Growing up in New York City, I was exposed to a variety of foods from an early age. And New York City Regional Cuisine would not exist without the contributions of Ashkenazi Cuisine.
For those of you who are unfamiliar, Ashkenazi cuisine is the food and dishes of Eastern European Jews. Jews, as a people- come in a variety of shapes, sizes and shades and various ethnic divisions exist. New York has been heavily influenced by Ashkenazi cuisine and culture (every Native New Yorker knows at least two Yiddish words), although the history of Jews in New York is much more than that. Without getting too much into the Jewish History of New Amsterdam (and later New York), let’s just say this: If you don’t enjoy a bowl of good matzo ball soup, then I really don’t know what to tell you.
Matzo ball soup is basically matzo meal formed into balls and simmered in chicken stock with carrots, celery, parsley, pepper, salt and shredded chicken.
Matzo is unleavened bread (which strongly resembles a giant cracker) that the Isrealites ate in a hurry while leaving Egypt. It is a divine commandment for Jews to eat Matzo during Passover. Which makes Matzo ball soup kosher and kosher for Passover!
Each cuisine has it’s own take on chicken soup. There’s chicken and dumplings (Southern American Regional), won ton soup (Chinese-American), Waterzooi (Belgium), Tinola (Filipino), and many more. It’s a sad cliché, chicken soup on a chilly day or when one is sick, but for some reason it works. There’s even a popular inspirational book series on chicken soup.
Anyway, the idea for me to make matzo ball soup came to me yesterday morning, when I was walking to the subway and saw this 20 something year old man (or someone trying to present as if he was 20 something, #shade) running to the gym in 30 degree weather wearing a tank top and shorts.
This is how I know I’m old. Because ten years ago, my inner monologue would have been like “Ohhh! Brave and healthy man in this cold! HELLO!”. Five years ago, my inner monologue would have been “Who does he think he is? So what if you have a gym membership, you’re not better than me!”. And yesterday morning’s inner monologue was: (and this is inner monologue was in my best Linda Richman voice) “Whatsamattah with him? He’s gonna get sick and then he’s gonna miss work, all because he’s too lazy to bring a lock to the gym! I hope he has a nice husband to make him soup when he’s sick. Mmm, soup. That’s what I’ll do, I’ll make matzo ball soup tonight after work.”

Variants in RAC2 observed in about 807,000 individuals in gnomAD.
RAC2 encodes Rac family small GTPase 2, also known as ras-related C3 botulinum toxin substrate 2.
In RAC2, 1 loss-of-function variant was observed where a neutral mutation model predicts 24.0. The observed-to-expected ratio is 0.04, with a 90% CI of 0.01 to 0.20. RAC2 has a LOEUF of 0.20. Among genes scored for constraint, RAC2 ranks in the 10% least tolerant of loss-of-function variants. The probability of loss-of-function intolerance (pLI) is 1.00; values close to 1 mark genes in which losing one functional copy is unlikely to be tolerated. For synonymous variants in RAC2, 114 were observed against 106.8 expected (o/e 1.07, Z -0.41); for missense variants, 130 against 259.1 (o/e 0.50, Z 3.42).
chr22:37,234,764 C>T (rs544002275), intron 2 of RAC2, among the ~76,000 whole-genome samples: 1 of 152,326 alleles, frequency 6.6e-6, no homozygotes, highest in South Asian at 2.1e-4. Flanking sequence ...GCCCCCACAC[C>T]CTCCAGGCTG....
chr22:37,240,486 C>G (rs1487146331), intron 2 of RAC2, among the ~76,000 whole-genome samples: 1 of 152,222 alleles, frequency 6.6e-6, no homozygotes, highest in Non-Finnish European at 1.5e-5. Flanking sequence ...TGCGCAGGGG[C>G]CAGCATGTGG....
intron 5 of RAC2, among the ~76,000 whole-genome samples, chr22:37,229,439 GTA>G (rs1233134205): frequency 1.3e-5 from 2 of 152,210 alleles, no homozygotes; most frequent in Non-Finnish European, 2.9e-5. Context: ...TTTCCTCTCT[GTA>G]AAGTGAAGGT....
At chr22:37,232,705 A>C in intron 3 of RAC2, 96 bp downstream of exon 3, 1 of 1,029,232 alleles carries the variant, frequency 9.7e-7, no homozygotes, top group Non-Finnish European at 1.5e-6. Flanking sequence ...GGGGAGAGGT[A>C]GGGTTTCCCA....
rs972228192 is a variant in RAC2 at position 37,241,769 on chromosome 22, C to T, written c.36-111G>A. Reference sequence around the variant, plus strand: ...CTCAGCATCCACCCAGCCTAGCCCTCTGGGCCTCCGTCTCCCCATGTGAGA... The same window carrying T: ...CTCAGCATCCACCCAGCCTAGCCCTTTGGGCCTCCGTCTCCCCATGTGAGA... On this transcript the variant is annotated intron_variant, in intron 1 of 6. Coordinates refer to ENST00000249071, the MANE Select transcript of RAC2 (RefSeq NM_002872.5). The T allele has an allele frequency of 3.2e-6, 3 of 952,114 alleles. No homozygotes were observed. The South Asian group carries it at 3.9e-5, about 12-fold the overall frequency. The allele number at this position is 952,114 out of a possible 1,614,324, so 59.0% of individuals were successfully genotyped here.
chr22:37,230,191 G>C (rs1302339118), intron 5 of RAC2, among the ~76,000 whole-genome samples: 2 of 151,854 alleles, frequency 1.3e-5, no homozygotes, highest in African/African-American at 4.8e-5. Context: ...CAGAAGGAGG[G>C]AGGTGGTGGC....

And here we are. Matzo ball soup, my style with a borrowed concept from Ina Garten (who doesn’t have many Black or Brown skinned friends on her television show #JustAtrueObservation ) Also, it’s vegetarian because the husband is a pescetarian.
Now, before we get into anything, I always like my soups hearty, so I’m a little heavy handed on the vegetables. Always adjust recipes to your own tastes and style.
FOR THE MATZO BALLS
- 1 packet of matzo ball mix (check your kosher food aisle) or 1 cup of matzo meal.
- 2 tbsps. of olive oil. (Canola is also okay- if you’re feeling really traditional 2 tbsps. of schmatlz)
- 2 eggs
- 1 tbsp. of chopped parsley (Ina Garten’s idea)
Combine all ingredients and mix well. Set mixture aside in the refrigerator for about ten minutes. When you’re ready to make the matzo balls, you’re going to want to cook them in a separate pot of water that has been lightly salted. In order to form the matzo balls, make sure the matzo ball mixture is chilled and your hands are wet with cold water. Otherwise, it’s a mess.
Once the matzo balls fluff up and boil up to the top, I turn them over so that they can cook evenly, and let them continue to boil for about 3 minutes.
FOR THE SOUP:
- 1 small onion, diced
- 1 clove of garlic, minced
- 4-5 Medium carrots, diced
- 4 stalks of celery, diced
- 1 vegetable bouillon
- 1/2 cup of chopped parsley
- 2 tbsps. olive oil
- 1 package of chick’n strips
- Salt and Pepper to taste
- 8 cups of water
Sauté the onions, carrots and celery in the olive oil. Once the onions are translucent, add the garlic and continue cooking for about two minutes. Add salt and pepper to taste, and any additional herbs you may desire as well as the bouillon cube. The minute everything gets really aromatic and starts making the house smell REALLY good- add the water and bring it up to a simmer. Add the chick’m strips and simmer for ten minutes. The veggies should be tender- not soft.
Then you plate it. And you eat it. And you like it. Like this:
Does it look great, or what? It was so soothing and delicious, that right after I ate it, I was all like:
Yes, it was that good.
I think I am going to do one soup a week at home and (hopefully) be able to remind myself to photograph the process and blog about it. Soup is terribly underrated.